From Citizens United to Knox vs SEIU to Arizona vs. United States, Justices Alito and Scalia are using the bench to bolster the interests of corporations at the expense of average Americans. The fact that it’s so easy to question the legitimacy of or motives behind Supreme Court decisions underscores the realization that this branch of government has lost its way

The nation’s confidence in the Supreme Court relies on the assumption that they are impartial guardians of the Constitution. That confidence is put in jeopardy every time conservative members of the court choose to invent rather than interpret the law.


WASHINGTON, D.C. — Joe Hansen, International President of the United Food and Commercial Workers International Union (UFCW), today released the following statement in response to the Supreme Court’s decision striking down most of Arizona’s immigration law.

“The Supreme Court has rightly struck down the majority of Arizona’s controversial immigration law. This decision is a repudiation of those advocating a patchwork of extreme state laws and reaffirms the federal government’s constitutional role in setting immigration policy. We are disappointed the law’s provision encouraging racial profiling survived and hope it will be overturned in the near future. It is time to move forward on this critical issue. President Obama started that process by issuing a common sense order to prevent the deportation of young immigrants who serve our nation. It is now time for Congress to get to work on comprehensive immigration reform that includes a path to citizenship for those who work hard and play by the rules. Only then can we truly fix our broken immigration system.”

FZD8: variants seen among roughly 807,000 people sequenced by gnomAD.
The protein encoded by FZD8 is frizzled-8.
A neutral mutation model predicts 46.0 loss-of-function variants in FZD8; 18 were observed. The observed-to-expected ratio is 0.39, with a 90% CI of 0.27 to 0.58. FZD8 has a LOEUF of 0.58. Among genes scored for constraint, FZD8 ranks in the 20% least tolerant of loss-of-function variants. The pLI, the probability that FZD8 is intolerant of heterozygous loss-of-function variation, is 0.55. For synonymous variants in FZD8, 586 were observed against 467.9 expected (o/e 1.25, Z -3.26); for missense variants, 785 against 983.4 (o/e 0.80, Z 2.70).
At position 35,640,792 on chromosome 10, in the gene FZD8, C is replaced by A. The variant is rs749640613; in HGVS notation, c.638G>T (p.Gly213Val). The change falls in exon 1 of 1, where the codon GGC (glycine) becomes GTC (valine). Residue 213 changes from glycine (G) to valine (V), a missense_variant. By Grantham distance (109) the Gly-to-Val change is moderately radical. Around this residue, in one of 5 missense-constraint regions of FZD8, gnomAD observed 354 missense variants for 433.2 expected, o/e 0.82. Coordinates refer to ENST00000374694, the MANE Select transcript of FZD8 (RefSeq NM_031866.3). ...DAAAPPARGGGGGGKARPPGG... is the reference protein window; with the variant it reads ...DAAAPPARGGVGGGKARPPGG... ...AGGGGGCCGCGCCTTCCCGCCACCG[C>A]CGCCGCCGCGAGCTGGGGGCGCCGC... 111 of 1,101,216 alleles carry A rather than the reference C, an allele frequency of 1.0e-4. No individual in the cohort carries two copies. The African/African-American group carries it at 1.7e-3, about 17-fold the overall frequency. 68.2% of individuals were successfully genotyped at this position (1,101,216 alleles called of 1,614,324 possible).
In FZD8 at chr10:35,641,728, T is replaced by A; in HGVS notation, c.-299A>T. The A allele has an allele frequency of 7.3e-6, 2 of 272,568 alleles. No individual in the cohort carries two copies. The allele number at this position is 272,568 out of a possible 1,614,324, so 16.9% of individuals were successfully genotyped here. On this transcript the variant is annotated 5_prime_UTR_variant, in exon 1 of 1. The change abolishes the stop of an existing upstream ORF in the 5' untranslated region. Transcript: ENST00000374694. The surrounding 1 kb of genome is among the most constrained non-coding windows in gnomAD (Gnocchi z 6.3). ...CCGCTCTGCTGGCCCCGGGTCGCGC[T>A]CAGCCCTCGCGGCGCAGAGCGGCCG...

The United Food and Commercial Workers International Union (UFCW) represents more than 1.3 million workers, primarily in the retail and meatpacking, food processing and poultry industries. The UFCW protects the rights of workers and strengthens America’s middle class by fighting for health care reform, living wages, retirement security, safe working conditions and the right to unionize so that working men and women and their families can realize the American Dream. For more information about the UFCW’s effort to protect workers’ rights and strengthen America’s middle class, visit www.ufcw.org, or join our online community at www.facebook.com/UFCWinternational and www.twitter.com/ufcw.